McCourt kicks off Coliseum project

McCourt kicks off Coliseum project

LOS ANGELES -- On a bright, sunny day, Dodgers chairman Frank McCourt took a tour of of the Los Angeles Memorial Coliseum as preparations had begun for a March 29 exhibition game between the Dodgers and Red Sox at the 85-year-old venue, the first baseball game to be played there since the Dodgers left the Coliseum for Dodger Stadium after the 1961 season.

McCourt first addressed members of the media on Wednesday about the game, which will likely break the single-game attendance figure of 93,103 that the Dodgers established in 1959, when they played the Yankees in an exhibition game as a fund-raiser for former Dodgers catcher Roy Campanella, who had been crippled in a car accident the year before.

"We're happy to announce that we've figured out a way to accommodate 25,000 more fans for the exhibition game on March 29," McCourt said. "In fact, some fans will get to watch the game right on the field itself. These additional tickets will be available this Saturday, when single-game tickets for the regular season go on sale."

This is good news for a lot of fans who were unable to purchase tickets for the game at the end of January, and if all of the seats and standing-room sections are filled, the game will feature an attendance of more than 115,000 fans.

"I couldn't be more proud of everybody involved," McCourt said after the news conference and groundbreaking ceremony. "There's a lot of people who have worked hard to make this happen, and it isn't as if we're not busy at this time of the year already. Our club is going to China, which is a huge effort, we have a big season coming up, but this being our 50th anniversary, that only comes once, and the opportunity to play here at the Coliseum and the cooperation we have received from all the parties involved has been unprecedented.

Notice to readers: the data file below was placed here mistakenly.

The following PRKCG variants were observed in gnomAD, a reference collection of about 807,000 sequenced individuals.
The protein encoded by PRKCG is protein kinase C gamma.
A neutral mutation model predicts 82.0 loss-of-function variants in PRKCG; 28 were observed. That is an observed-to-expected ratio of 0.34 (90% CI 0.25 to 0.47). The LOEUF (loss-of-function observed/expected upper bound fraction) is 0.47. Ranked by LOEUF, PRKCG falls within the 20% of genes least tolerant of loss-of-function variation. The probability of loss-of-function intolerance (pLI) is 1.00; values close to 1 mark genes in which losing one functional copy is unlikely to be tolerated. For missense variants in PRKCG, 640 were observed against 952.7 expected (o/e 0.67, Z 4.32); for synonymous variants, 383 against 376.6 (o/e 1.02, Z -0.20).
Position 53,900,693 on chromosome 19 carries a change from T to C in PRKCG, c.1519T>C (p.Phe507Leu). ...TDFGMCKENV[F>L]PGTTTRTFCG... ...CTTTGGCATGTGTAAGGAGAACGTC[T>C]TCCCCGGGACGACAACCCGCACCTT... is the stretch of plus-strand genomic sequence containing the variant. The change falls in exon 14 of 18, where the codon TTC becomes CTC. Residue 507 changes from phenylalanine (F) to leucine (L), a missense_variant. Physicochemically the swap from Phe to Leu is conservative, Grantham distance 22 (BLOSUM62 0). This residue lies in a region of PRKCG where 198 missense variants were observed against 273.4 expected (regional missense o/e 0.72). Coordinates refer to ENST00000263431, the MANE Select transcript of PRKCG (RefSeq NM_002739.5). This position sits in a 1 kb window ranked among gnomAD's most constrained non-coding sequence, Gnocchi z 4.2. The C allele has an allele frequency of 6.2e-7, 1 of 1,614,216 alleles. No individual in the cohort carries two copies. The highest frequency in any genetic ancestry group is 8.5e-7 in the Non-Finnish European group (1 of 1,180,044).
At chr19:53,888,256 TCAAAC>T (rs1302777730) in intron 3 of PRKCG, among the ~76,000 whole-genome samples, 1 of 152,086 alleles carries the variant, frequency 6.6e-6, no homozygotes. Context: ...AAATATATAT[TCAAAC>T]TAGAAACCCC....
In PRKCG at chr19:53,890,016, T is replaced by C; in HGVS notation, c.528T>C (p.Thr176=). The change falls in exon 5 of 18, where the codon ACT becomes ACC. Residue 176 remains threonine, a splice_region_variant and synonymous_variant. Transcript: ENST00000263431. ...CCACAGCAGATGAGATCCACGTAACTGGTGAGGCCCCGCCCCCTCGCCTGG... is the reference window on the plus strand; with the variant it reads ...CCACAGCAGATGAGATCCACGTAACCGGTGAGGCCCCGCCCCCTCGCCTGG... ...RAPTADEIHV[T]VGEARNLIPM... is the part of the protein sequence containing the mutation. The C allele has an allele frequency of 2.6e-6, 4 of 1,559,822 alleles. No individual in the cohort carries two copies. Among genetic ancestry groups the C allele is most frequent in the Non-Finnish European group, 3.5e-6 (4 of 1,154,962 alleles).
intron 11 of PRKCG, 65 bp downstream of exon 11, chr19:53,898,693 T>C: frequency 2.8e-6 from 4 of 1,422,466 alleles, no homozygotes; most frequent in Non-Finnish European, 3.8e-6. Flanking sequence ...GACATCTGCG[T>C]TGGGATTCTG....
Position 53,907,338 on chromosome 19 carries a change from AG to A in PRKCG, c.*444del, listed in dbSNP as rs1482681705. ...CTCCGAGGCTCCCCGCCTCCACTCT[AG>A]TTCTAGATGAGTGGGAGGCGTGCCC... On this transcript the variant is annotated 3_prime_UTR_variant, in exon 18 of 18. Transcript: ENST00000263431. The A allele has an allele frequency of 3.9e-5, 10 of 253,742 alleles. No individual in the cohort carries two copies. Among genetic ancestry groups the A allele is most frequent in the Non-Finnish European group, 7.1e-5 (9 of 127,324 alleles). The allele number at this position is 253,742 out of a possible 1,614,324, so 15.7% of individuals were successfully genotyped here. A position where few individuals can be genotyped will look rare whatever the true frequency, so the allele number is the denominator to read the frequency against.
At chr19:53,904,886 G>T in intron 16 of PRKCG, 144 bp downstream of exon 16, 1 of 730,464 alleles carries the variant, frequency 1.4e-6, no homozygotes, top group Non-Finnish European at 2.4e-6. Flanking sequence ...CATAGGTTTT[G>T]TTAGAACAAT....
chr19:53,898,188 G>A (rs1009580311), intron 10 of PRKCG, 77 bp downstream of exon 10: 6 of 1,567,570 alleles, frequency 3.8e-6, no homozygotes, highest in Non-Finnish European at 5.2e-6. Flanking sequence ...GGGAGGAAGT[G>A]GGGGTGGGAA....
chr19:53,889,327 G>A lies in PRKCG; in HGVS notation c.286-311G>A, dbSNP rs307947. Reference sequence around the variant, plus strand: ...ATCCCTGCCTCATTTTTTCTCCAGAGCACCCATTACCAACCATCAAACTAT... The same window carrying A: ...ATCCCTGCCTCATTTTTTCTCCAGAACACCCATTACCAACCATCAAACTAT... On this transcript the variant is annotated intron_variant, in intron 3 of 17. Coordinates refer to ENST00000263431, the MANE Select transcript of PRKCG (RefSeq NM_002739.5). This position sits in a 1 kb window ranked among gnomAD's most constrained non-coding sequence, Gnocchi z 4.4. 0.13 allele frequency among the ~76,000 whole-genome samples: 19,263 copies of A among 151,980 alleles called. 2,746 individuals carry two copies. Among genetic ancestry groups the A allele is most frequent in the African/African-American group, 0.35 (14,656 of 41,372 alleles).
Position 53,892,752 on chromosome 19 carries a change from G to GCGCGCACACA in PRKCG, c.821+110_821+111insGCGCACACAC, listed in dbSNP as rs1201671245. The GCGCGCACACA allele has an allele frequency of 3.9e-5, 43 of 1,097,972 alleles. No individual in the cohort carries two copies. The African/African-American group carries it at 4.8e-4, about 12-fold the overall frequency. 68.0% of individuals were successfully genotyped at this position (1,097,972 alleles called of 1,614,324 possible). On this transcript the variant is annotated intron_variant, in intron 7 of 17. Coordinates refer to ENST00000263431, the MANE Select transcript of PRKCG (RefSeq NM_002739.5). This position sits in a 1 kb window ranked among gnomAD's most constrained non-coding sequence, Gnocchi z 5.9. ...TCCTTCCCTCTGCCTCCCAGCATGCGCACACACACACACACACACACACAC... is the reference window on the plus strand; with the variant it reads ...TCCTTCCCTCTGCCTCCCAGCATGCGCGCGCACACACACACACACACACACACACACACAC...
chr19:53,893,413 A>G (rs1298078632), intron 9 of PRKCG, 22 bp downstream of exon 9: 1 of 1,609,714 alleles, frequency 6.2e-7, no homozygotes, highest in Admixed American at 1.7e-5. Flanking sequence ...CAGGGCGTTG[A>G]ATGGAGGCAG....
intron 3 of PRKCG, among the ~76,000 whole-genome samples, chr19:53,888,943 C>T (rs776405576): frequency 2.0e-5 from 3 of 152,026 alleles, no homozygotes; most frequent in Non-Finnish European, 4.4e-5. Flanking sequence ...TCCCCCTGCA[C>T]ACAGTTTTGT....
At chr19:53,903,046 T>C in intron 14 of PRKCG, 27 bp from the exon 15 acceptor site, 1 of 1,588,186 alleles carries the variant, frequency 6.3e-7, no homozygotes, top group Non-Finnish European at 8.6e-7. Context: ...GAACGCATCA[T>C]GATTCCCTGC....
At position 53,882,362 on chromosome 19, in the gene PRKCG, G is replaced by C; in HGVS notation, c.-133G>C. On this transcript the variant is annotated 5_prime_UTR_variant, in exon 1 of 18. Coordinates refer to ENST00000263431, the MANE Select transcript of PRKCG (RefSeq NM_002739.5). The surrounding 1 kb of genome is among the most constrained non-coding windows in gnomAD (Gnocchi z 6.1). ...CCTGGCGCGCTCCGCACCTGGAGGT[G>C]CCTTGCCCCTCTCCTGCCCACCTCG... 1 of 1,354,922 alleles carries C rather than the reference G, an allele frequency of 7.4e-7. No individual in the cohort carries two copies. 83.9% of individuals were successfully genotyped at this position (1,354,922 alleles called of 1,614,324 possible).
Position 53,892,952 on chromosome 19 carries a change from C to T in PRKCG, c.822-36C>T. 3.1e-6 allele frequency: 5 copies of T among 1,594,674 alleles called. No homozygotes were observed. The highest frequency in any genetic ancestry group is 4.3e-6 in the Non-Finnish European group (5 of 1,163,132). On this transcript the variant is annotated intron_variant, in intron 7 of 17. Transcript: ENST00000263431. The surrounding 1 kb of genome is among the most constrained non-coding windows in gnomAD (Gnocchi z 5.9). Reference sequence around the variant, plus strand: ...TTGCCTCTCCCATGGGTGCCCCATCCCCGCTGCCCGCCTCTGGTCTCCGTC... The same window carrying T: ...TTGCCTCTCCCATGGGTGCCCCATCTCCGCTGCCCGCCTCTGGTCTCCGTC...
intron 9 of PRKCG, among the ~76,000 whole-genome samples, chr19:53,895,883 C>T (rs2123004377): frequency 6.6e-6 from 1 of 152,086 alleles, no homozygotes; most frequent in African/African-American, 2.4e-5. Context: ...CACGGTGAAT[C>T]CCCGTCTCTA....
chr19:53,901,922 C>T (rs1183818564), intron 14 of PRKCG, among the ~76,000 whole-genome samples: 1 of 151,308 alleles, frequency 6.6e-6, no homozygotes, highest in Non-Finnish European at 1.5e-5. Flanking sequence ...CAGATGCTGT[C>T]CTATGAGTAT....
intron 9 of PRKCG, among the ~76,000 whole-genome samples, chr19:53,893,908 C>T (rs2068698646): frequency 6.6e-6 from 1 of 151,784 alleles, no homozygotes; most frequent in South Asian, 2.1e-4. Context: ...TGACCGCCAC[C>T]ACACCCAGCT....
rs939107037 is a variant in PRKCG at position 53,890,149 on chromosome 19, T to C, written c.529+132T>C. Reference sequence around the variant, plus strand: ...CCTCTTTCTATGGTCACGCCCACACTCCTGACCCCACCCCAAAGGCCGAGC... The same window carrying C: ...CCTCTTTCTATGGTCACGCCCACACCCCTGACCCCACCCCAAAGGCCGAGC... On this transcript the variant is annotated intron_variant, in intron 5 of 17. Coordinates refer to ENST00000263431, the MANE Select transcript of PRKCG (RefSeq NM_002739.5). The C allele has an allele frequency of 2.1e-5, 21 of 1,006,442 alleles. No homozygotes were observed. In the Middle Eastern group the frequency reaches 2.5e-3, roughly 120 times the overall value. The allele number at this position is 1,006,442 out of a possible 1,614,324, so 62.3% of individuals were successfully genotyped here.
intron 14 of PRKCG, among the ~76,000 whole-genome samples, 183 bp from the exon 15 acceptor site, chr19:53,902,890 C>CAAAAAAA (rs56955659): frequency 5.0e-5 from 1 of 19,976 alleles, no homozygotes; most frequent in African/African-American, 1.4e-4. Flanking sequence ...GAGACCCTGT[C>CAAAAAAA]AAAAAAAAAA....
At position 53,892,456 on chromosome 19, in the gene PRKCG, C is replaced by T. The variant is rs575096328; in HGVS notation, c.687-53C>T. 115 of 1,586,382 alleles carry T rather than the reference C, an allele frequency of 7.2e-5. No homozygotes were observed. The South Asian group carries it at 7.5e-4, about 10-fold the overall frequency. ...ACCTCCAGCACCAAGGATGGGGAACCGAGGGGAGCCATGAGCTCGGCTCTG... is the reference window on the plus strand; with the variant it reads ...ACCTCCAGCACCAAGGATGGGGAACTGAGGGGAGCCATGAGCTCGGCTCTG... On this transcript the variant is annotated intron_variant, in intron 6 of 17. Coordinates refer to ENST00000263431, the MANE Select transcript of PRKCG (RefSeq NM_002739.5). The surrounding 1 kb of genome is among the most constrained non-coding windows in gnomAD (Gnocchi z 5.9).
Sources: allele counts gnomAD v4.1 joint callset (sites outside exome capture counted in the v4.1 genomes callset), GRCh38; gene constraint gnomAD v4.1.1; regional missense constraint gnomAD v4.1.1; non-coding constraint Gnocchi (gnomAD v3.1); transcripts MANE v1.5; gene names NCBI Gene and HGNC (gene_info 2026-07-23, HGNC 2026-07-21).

"The combination of celebrating the golden anniversary and raising money for ThinkCure I think has made it something very, very unique and special, and I'm humbled by the whole thing."

The game, which will start at 7:10 p.m. PT, is part of a full day of activity around the Coliseum. McCourt and Dodgers chief marketing officer Charles Steinberg announced that the club will hold a Fan Fest at the Coliseum from noon to 6 p.m. on the day of the game, with carnival-type games, baseball discussions with general manager Ned Colletti and other Dodgers personnel and autograph tables.

"The Fan Fest will start at noon and will be free of charge -- all you have to do is have a ticket to the game," McCourt said. "This way, you can come down at noon and spend the day with your friends and your family. There will be all kinds of activities that you would normally find at a Fan Fest, and this way, you can also beat the traffic and find a parking space.

"That is something we are focused on, because it's going to be a challenge getting all the cars into the stadium area. By coming early, that will help that, and we just got permission to open the gates at 4:10 p.m. so fans can actually be here to watch batting practice, which may be as much fun as watching the Home Run Derby at the All-Star Game."